Still, nothing has compared to what I feel right now upon hearing the news about Roy Halladay’s tragic passing.
I have never met Halladay, and now I never will. The feeling is not quite the same as losing someone you know, but an emptiness has overcome me in a way similar. I felt like I knew Roy Halladay, and his connection to me and my family will forever remain a part of who I am as both a baseball fan and as a person.
The story really begins at the 2009 MLB Trade Deadline. The Phillies, my favorite team, had acquired ace Cliff Lee to help make a push to win back-to-back World Series championships. I spent perhaps an hour on the phone that day with my grandfather, Pop-pop, who lived in Philadelphia, and while he was happy, he was slightly disappointed that the team couldn’t acquire a better ace--Halladay--to make that run, especially after the team had shown interest.
Later that year, the Phillies made the deal anyway, and brought Halladay on as their third ace alongside Lee and Cole Hamels. Pop-pop and I were ecstatic; with these three pitchers, the Phillies were automatic World Series favorites again in 2010. Immediately, I asked for Halladay’s jersey during the holiday season. I remember vividly going in for winter baseball workouts, where the coaches were shocked to find out that I had already purchased Halladay’s jersey. That’s how excited we were.
In 2010, Halladay came to Philadelphia and was exactly as advertised.
He was the ace of the staff, giving the Phillies what seemed like an automatic win every fifth day. I think I wore his jersey just as often.
On May 29, I was wearing Halladay’s jersey once again (he was pitching that day), and my family walked into a furniture store at a nearby shopping area. A man working there commented on my jersey, saying something along the lines of, “Are you a Phillies fan? I love Roy Halladay. Nice jersey.” I smiled, said I was, and we went about our day.
That night, I turned the TV on to watch Halladay’s start against the then-Florida Marlins. His stuff was electric, and after my dad and I both noticed that he was throwing a no-hitter, he told me that I could go to bed once Halladay gave up his first hit.
If you are at all familiar with 2010 baseball, you might recall that Halladay never did.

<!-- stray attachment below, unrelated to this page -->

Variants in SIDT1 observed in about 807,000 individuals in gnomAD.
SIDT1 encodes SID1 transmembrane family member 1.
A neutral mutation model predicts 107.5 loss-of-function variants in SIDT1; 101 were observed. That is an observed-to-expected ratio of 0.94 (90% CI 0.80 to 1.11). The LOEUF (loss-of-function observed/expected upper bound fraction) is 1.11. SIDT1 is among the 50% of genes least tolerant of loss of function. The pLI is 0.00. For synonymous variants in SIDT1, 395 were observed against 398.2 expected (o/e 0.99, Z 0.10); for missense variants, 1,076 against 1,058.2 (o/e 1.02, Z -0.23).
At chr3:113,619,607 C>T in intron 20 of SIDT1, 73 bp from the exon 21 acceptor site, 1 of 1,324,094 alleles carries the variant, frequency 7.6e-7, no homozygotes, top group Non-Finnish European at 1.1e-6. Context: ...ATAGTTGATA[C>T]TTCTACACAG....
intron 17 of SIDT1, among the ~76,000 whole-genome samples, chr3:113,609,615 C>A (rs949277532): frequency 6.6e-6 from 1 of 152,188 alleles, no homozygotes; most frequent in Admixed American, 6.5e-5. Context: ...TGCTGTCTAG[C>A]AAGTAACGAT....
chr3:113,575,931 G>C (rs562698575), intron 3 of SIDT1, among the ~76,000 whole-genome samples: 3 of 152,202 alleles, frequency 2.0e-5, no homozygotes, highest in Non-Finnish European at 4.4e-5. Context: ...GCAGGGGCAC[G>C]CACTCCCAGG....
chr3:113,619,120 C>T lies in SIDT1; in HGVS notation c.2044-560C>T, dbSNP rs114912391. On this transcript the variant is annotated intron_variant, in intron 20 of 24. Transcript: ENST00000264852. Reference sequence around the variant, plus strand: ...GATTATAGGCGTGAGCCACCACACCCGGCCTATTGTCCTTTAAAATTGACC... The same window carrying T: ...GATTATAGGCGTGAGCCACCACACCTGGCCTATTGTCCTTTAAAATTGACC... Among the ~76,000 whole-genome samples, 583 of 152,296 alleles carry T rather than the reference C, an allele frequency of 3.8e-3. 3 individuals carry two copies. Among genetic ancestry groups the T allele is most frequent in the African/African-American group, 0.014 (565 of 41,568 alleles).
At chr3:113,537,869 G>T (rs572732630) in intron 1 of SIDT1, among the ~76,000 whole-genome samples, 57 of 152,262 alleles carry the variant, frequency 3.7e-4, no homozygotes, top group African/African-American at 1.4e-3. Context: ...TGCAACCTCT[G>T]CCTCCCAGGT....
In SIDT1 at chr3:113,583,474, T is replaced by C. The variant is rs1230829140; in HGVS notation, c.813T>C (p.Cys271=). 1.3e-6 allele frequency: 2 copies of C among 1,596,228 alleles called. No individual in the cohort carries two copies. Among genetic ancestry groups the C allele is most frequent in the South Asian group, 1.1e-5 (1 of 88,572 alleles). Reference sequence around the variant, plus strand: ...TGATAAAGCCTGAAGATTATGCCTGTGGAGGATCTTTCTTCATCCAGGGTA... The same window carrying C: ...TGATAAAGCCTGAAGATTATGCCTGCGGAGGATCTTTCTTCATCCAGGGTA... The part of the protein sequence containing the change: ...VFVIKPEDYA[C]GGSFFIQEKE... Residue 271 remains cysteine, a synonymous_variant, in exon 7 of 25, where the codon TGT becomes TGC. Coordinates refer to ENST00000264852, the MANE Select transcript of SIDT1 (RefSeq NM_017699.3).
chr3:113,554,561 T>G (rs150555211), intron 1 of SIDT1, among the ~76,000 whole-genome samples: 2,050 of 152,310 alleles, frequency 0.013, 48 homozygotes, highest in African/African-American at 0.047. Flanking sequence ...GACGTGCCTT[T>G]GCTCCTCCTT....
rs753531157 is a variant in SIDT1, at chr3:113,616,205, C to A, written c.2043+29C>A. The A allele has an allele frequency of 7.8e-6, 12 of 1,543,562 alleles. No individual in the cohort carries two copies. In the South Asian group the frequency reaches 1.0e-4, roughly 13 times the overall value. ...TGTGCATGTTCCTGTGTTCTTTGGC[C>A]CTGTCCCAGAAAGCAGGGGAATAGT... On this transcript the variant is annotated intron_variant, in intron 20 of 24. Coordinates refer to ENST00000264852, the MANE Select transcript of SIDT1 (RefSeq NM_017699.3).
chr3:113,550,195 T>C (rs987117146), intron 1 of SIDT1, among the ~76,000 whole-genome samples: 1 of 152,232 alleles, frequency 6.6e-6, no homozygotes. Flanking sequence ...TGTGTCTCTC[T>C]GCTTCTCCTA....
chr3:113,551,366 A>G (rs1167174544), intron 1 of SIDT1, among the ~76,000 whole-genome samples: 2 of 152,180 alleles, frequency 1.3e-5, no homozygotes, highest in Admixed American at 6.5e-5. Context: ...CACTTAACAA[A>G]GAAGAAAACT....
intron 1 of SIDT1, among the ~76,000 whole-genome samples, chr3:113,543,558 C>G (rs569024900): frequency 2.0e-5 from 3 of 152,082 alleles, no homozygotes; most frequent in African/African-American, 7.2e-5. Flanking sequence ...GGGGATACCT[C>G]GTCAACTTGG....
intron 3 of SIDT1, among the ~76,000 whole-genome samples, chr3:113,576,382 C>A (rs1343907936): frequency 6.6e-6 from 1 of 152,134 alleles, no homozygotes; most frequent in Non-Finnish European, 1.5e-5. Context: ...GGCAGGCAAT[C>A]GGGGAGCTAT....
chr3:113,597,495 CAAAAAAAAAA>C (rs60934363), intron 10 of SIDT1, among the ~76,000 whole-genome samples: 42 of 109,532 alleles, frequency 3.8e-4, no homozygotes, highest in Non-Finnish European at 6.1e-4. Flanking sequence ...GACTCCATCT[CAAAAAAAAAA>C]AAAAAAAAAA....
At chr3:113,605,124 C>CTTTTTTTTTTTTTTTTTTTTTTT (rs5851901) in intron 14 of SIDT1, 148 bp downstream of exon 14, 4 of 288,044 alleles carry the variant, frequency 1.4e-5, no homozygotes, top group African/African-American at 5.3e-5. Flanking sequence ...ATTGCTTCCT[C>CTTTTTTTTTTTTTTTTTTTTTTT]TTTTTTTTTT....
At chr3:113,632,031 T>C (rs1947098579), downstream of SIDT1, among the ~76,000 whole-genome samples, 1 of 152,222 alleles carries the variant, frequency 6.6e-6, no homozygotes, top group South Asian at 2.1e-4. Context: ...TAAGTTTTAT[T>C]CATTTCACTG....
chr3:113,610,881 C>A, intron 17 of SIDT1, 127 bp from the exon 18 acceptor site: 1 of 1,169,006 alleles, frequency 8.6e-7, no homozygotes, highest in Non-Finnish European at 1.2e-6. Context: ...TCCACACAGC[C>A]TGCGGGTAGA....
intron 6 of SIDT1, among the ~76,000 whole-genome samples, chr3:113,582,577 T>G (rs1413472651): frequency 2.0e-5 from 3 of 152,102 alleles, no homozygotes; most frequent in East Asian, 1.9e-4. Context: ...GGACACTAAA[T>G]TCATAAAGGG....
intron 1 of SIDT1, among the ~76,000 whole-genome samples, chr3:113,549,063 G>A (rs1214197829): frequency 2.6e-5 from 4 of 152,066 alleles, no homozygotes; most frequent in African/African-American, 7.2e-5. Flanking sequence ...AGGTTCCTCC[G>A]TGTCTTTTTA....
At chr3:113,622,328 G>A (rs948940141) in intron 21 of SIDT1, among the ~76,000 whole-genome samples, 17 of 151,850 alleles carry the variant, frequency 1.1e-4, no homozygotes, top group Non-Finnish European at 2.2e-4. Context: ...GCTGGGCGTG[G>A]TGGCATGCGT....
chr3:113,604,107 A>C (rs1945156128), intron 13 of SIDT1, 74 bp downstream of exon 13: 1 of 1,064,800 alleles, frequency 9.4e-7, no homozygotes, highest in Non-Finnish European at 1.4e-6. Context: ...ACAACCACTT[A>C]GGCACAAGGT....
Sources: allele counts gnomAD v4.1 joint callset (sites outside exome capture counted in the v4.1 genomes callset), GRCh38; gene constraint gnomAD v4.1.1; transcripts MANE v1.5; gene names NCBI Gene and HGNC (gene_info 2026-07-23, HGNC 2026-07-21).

I watched his perfect game from start to finish in our family room, and to this day, I can still recite Tom McCarthy’s last out call by memory.
Hit toward third, Castro has it. Spins, fires, a perfect game. Roy Halladay has thrown the second perfect game in Philadelphia Phillies history. He faces 27 batters, he retires alllll 27. It’s the 20th perfect game in baseball history and the second one this year.
That was from memory.
Halladay quickly became my idol. When I pitched for my Little League team, I tried to replicate his windup. I read articles about him, did my research, bought his figurine; I became a Roy Halladay expert. He could do no wrong on the mound, and I loved him for it.
Later that year, I was playing in my Little League’s fall season. It was early October, a bit chilly, but not too bad. Unfortunately, during my game was Game 1 of the 2010 NLDS between the Phillies and Reds: the night of Roy Halladay’s first career postseason start. I DVR’d the game to watch later, but I remember my mom coming over to the dugout that night to tell me that Halladay had thrown a no-hitter, just the second in postseason history.
I watched the entire game the next day, and, to this day, we still have it saved to our DVR.
Halladay was still pitching for the Phillies when my grandfather passed away, but it is almost symbolic to me that he began his decline when Pop-pop began his. Halladay was a hero to me, and today, I am wearing his jersey--a youth large that does not fit--in order to remember his legacy not just as Phillie, but also to me and my family.
May peace be upon Roy Halladay. I’ll miss you.
This article was originally published on LinkedIn. Here is the link to the original piece.